Caritas seeks funds to fight starvation in southern Africa
As more than 10 million people are at risk of starvation in southern Africa's worst agricultural disaster in a decade, Caritas Australia National Director, Jack de Groot has described the situation as critical.
"It is essential the Australian community act now, by August it will be too late, the region will be facing a famine, said Mr de Groot.
In 2000 floods washed away the harvest in some regions. In 2001 and 2002 many of the same areas have suffered severe droughts. In many districts of southern Africa the harvest has delivered less than 30 per cent of average yields.
Many are resorting to eating the seeds for the winter's harvest, this will impact on their future food supplies. Others have nothing to eat. It is estimated that 4 million tonnes of food will be needed, the vast majority of this will needto be imported from overseas.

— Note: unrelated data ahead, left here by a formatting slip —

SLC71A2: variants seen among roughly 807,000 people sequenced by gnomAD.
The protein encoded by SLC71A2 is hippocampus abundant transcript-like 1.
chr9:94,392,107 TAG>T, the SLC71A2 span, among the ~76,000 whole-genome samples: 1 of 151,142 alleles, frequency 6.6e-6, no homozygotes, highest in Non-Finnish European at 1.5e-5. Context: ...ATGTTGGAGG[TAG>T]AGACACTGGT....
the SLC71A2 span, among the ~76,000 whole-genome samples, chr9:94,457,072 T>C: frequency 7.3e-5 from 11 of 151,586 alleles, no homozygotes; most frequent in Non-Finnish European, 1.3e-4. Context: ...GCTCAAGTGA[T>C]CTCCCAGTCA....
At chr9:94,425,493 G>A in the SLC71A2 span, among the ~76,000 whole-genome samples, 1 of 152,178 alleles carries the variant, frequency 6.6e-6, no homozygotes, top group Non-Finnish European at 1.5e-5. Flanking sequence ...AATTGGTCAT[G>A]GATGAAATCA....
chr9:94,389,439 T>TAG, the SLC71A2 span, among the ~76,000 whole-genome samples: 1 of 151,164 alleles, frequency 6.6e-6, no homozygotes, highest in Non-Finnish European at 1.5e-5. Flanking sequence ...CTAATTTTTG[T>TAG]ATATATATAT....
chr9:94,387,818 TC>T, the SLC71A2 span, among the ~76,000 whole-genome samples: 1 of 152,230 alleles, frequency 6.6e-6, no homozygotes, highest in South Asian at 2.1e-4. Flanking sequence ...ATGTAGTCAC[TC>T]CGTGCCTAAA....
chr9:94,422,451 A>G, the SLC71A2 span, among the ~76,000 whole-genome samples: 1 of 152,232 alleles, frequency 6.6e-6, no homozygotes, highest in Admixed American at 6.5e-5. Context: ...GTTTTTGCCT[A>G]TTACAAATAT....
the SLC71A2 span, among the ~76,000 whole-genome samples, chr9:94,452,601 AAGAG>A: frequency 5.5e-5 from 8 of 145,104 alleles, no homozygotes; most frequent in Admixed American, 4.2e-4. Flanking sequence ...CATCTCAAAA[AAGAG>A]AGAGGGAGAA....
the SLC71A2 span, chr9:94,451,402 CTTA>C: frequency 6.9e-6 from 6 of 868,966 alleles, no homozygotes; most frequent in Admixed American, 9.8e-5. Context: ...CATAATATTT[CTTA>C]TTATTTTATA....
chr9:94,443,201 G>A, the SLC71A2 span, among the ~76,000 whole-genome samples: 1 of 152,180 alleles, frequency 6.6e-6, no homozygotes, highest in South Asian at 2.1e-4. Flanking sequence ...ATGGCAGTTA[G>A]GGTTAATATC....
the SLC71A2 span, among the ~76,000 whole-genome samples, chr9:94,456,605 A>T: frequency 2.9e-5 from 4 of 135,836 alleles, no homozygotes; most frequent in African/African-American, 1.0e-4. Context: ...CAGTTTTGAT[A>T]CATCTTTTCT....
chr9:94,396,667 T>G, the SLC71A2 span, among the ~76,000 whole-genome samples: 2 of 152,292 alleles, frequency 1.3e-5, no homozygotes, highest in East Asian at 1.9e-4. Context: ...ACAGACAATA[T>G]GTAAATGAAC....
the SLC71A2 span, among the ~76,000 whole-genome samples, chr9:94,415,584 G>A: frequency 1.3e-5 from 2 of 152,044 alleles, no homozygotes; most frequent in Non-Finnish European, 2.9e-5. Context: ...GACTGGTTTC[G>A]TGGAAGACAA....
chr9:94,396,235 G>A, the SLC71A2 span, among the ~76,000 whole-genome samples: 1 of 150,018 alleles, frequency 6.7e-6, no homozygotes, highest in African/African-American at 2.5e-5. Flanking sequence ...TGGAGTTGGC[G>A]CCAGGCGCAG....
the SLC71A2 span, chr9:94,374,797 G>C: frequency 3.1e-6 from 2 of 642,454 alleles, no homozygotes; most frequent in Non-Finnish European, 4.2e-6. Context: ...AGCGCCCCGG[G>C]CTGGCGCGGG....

"The crisis is especially acute in Malawi, a State of Emergency has been declared and more than one and a half million people are without adequate food. Already in Malawi reports have stated that more than 100 people a day are dying, said Mr de Groot."
Caritas Australia has already responded to those affected by food shortages in southern Africa by sending $40,000 in immediate aid, with the situation worsening it is critical that we further our involvement.
All monies raised through Caritas Australia's southern Africa food crisis appeal will enable our local partners in Malawi and Zambia to provide relief food such as maize, flour and vegetable oil to those who are acutely food insecure.
Donations may be made online, by mail, or phone (1800 024 413)
Southern Africa Food Crisis Appeal (Caritas Australia)
19 Jun 2002